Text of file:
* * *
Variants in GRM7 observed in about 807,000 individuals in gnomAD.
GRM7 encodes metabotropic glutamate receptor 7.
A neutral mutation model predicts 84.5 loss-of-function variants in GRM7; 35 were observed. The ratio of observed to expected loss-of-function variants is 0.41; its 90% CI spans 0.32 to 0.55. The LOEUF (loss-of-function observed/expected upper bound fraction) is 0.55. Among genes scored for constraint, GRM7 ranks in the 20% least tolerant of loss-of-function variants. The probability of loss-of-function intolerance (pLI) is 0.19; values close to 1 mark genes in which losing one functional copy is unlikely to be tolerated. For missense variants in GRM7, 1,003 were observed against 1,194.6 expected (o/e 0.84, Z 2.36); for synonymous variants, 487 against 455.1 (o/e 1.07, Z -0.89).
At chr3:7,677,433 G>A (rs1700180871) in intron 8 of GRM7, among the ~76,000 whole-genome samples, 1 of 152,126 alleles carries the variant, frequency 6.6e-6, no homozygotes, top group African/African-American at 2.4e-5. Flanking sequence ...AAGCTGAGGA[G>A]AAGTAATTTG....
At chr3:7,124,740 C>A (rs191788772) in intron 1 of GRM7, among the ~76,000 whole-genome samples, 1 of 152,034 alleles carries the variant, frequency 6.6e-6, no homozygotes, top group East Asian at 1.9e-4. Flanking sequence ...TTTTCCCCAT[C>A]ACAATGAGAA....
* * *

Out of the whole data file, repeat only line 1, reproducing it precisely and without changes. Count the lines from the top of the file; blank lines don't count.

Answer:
Variants in GRM7 observed in about 807,000 individuals in gnomAD.